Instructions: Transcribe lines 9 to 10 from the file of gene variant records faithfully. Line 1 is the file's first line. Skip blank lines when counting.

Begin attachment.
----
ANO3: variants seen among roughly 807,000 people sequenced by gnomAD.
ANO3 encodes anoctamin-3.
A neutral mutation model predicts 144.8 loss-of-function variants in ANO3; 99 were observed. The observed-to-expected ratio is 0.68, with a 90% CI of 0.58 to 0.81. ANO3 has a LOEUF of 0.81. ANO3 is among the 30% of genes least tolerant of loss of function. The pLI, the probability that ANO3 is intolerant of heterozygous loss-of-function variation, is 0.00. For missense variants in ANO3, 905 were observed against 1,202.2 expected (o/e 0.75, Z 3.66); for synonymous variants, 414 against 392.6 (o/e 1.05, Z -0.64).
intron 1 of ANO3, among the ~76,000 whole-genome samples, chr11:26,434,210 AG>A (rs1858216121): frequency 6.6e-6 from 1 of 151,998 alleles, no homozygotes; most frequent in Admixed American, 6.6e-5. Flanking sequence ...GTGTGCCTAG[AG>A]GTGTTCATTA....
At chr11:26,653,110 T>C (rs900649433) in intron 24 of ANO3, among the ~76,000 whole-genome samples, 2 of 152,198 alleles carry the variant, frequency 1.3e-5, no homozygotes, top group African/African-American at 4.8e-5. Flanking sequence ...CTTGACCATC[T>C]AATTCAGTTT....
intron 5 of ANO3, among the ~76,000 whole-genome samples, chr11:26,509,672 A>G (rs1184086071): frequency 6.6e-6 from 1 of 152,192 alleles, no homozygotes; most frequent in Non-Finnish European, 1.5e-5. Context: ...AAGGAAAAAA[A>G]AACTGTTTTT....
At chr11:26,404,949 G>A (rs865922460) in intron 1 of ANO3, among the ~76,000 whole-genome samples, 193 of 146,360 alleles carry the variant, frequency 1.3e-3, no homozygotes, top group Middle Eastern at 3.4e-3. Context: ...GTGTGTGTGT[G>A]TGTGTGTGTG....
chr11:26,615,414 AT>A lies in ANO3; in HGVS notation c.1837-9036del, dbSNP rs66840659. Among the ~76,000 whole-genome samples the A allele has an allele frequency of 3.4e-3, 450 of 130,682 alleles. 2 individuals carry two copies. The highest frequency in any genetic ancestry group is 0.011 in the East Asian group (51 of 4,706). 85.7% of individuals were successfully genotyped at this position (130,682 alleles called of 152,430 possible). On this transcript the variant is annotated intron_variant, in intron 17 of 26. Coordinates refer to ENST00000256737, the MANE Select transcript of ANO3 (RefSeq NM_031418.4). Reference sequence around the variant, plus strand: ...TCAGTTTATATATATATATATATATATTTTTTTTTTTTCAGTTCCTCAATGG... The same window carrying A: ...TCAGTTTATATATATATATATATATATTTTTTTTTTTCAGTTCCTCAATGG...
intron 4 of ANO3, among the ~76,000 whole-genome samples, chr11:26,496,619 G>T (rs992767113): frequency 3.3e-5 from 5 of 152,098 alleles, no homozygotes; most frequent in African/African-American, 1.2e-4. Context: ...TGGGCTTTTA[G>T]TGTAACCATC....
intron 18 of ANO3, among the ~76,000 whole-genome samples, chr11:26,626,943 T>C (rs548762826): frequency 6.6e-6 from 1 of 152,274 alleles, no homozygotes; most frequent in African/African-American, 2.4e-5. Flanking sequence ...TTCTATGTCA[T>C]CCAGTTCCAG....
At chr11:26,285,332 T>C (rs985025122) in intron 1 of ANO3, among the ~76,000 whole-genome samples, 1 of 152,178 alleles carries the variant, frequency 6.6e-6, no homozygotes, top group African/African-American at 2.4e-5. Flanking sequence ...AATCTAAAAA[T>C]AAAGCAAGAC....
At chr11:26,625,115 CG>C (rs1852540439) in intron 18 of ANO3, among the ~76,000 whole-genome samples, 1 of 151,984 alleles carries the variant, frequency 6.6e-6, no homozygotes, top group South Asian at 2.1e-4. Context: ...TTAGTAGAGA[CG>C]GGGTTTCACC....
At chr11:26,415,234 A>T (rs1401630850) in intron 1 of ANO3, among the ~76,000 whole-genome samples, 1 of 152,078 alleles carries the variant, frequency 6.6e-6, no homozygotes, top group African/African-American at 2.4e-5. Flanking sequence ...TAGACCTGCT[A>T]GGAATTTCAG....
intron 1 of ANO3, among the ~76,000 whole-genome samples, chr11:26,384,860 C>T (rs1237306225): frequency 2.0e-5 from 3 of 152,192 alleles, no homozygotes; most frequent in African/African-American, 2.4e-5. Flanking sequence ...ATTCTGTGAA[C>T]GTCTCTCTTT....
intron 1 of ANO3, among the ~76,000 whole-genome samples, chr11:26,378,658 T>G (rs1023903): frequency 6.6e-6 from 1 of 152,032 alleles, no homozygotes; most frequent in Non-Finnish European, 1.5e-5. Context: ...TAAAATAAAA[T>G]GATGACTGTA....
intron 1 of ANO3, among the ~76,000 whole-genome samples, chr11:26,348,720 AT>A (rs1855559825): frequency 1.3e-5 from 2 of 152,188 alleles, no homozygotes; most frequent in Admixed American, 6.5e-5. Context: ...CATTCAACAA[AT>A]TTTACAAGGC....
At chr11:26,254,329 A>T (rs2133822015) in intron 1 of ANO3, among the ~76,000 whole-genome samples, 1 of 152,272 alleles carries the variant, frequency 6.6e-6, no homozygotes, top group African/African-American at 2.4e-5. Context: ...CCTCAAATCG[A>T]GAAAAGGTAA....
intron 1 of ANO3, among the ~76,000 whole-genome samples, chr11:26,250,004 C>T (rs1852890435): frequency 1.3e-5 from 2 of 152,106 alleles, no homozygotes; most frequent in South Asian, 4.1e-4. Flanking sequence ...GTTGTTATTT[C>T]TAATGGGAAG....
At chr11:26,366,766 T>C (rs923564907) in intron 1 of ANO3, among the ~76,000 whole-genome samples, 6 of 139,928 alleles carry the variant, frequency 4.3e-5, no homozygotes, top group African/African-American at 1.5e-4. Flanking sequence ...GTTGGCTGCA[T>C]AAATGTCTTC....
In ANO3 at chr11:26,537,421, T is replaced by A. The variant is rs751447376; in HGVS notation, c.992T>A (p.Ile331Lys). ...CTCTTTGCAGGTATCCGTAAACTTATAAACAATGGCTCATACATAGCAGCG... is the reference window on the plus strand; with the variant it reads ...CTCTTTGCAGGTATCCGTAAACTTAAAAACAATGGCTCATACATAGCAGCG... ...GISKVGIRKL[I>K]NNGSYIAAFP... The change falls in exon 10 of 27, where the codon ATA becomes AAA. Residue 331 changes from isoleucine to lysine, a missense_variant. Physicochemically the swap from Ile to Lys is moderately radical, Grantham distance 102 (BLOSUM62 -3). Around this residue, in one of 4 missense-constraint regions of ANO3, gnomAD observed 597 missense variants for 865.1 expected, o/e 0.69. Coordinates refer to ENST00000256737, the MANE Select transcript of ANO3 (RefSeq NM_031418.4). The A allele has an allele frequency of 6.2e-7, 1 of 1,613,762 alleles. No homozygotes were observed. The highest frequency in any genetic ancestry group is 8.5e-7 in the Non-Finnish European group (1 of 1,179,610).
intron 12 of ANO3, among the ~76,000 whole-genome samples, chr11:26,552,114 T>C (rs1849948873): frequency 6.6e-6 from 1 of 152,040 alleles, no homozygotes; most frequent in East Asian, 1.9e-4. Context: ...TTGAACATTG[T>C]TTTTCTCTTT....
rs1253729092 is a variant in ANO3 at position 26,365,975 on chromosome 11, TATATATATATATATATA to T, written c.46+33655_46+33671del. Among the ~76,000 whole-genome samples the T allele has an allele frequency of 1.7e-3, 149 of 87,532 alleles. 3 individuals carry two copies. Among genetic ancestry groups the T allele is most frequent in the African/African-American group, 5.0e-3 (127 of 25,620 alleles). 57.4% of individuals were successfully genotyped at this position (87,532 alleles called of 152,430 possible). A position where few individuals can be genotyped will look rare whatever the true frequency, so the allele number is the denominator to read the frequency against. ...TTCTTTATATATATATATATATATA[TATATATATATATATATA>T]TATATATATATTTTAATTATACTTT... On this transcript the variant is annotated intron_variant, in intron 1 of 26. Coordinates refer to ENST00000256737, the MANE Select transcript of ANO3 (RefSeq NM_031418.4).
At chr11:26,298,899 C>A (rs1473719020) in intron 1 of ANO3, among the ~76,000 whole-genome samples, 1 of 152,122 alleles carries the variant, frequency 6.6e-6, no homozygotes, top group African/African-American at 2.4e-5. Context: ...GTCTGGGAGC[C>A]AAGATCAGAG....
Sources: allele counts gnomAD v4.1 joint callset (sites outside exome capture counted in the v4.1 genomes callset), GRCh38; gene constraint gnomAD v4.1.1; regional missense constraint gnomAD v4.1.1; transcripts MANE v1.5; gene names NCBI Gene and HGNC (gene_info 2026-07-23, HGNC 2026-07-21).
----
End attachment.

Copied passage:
intron 4 of ANO3, among the ~76,000 whole-genome samples, chr11:26,496,619 G>T (rs992767113): frequency 3.3e-5 from 5 of 152,098 alleles, no homozygotes; most frequent in African/African-American, 1.2e-4. Context: ...TGGGCTTTTA[G>T]TGTAACCATC....
intron 18 of ANO3, among the ~76,000 whole-genome samples, chr11:26,626,943 T>C (rs548762826): frequency 6.6e-6 from 1 of 152,274 alleles, no homozygotes; most frequent in African/African-American, 2.4e-5. Flanking sequence ...TTCTATGTCA[T>C]CCAGTTCCAG....